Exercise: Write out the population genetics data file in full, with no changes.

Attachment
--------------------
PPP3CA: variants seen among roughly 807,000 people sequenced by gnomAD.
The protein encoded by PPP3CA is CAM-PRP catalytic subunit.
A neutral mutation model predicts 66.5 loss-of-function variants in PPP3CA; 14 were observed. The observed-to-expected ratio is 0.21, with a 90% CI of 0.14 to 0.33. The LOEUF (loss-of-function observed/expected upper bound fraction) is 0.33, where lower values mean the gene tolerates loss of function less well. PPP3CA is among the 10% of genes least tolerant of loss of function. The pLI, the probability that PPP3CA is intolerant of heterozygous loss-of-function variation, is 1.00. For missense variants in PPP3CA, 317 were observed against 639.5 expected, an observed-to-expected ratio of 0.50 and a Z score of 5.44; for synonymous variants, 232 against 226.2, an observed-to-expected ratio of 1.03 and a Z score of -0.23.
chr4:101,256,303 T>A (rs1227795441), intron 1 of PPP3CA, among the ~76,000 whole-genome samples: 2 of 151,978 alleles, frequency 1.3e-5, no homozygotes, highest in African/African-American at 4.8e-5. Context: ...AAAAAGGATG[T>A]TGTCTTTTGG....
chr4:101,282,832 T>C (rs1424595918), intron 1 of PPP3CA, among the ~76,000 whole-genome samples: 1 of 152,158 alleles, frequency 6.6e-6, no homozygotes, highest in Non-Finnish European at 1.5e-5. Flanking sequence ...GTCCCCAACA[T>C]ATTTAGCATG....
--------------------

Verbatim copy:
PPP3CA: variants seen among roughly 807,000 people sequenced by gnomAD.
The protein encoded by PPP3CA is CAM-PRP catalytic subunit.
A neutral mutation model predicts 66.5 loss-of-function variants in PPP3CA; 14 were observed. The observed-to-expected ratio is 0.21, with a 90% CI of 0.14 to 0.33. The LOEUF (loss-of-function observed/expected upper bound fraction) is 0.33, where lower values mean the gene tolerates loss of function less well. PPP3CA is among the 10% of genes least tolerant of loss of function. The pLI, the probability that PPP3CA is intolerant of heterozygous loss-of-function variation, is 1.00. For missense variants in PPP3CA, 317 were observed against 639.5 expected, an observed-to-expected ratio of 0.50 and a Z score of 5.44; for synonymous variants, 232 against 226.2, an observed-to-expected ratio of 1.03 and a Z score of -0.23.
chr4:101,256,303 T>A (rs1227795441), intron 1 of PPP3CA, among the ~76,000 whole-genome samples: 2 of 151,978 alleles, frequency 1.3e-5, no homozygotes, highest in African/African-American at 4.8e-5. Context: ...AAAAAGGATG[T>A]TGTCTTTTGG....
chr4:101,282,832 T>C (rs1424595918), intron 1 of PPP3CA, among the ~76,000 whole-genome samples: 1 of 152,158 alleles, frequency 6.6e-6, no homozygotes, highest in Non-Finnish European at 1.5e-5. Flanking sequence ...GTCCCCAACA[T>C]ATTTAGCATG....